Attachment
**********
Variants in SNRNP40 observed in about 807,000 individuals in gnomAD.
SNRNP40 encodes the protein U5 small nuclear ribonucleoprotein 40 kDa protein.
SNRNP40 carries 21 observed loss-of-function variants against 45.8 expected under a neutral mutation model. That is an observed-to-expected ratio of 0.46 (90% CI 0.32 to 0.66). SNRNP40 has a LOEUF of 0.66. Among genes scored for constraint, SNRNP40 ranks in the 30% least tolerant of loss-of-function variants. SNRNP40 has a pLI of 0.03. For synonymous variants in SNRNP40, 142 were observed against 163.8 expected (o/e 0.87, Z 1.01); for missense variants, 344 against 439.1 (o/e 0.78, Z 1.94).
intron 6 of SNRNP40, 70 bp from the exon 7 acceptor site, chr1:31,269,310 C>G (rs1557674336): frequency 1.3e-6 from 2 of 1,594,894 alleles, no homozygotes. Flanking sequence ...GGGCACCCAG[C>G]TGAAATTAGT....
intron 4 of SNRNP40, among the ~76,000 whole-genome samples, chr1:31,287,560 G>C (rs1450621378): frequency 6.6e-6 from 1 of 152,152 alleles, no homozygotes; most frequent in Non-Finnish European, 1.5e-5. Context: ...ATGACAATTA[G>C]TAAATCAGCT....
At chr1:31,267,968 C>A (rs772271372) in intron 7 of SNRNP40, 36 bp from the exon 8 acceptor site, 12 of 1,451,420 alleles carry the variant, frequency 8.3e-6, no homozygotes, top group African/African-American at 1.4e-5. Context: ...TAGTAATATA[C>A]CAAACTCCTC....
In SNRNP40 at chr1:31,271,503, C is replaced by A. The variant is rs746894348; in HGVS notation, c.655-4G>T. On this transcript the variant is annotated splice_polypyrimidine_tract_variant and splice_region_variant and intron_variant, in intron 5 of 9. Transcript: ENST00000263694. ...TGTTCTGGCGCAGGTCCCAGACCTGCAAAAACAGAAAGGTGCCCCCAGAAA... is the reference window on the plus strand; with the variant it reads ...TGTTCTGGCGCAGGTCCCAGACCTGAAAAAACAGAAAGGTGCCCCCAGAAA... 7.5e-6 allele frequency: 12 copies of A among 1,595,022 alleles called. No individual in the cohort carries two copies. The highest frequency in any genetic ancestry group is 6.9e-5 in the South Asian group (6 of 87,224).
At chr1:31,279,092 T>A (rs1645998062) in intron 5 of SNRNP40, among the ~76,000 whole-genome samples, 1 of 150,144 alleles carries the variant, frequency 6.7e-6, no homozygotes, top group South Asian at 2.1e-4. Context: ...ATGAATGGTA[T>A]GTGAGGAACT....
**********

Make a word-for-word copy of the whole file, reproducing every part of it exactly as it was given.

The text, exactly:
Variants in SNRNP40 observed in about 807,000 individuals in gnomAD.
SNRNP40 encodes the protein U5 small nuclear ribonucleoprotein 40 kDa protein.
SNRNP40 carries 21 observed loss-of-function variants against 45.8 expected under a neutral mutation model. That is an observed-to-expected ratio of 0.46 (90% CI 0.32 to 0.66). SNRNP40 has a LOEUF of 0.66. Among genes scored for constraint, SNRNP40 ranks in the 30% least tolerant of loss-of-function variants. SNRNP40 has a pLI of 0.03. For synonymous variants in SNRNP40, 142 were observed against 163.8 expected (o/e 0.87, Z 1.01); for missense variants, 344 against 439.1 (o/e 0.78, Z 1.94).
intron 6 of SNRNP40, 70 bp from the exon 7 acceptor site, chr1:31,269,310 C>G (rs1557674336): frequency 1.3e-6 from 2 of 1,594,894 alleles, no homozygotes. Flanking sequence ...GGGCACCCAG[C>G]TGAAATTAGT....
intron 4 of SNRNP40, among the ~76,000 whole-genome samples, chr1:31,287,560 G>C (rs1450621378): frequency 6.6e-6 from 1 of 152,152 alleles, no homozygotes; most frequent in Non-Finnish European, 1.5e-5. Context: ...ATGACAATTA[G>C]TAAATCAGCT....
At chr1:31,267,968 C>A (rs772271372) in intron 7 of SNRNP40, 36 bp from the exon 8 acceptor site, 12 of 1,451,420 alleles carry the variant, frequency 8.3e-6, no homozygotes, top group African/African-American at 1.4e-5. Context: ...TAGTAATATA[C>A]CAAACTCCTC....
In SNRNP40 at chr1:31,271,503, C is replaced by A. The variant is rs746894348; in HGVS notation, c.655-4G>T. On this transcript the variant is annotated splice_polypyrimidine_tract_variant and splice_region_variant and intron_variant, in intron 5 of 9. Transcript: ENST00000263694. ...TGTTCTGGCGCAGGTCCCAGACCTGCAAAAACAGAAAGGTGCCCCCAGAAA... is the reference window on the plus strand; with the variant it reads ...TGTTCTGGCGCAGGTCCCAGACCTGAAAAAACAGAAAGGTGCCCCCAGAAA... 7.5e-6 allele frequency: 12 copies of A among 1,595,022 alleles called. No individual in the cohort carries two copies. The highest frequency in any genetic ancestry group is 6.9e-5 in the South Asian group (6 of 87,224).
At chr1:31,279,092 T>A (rs1645998062) in intron 5 of SNRNP40, among the ~76,000 whole-genome samples, 1 of 150,144 alleles carries the variant, frequency 6.7e-6, no homozygotes, top group South Asian at 2.1e-4. Context: ...ATGAATGGTA[T>A]GTGAGGAACT....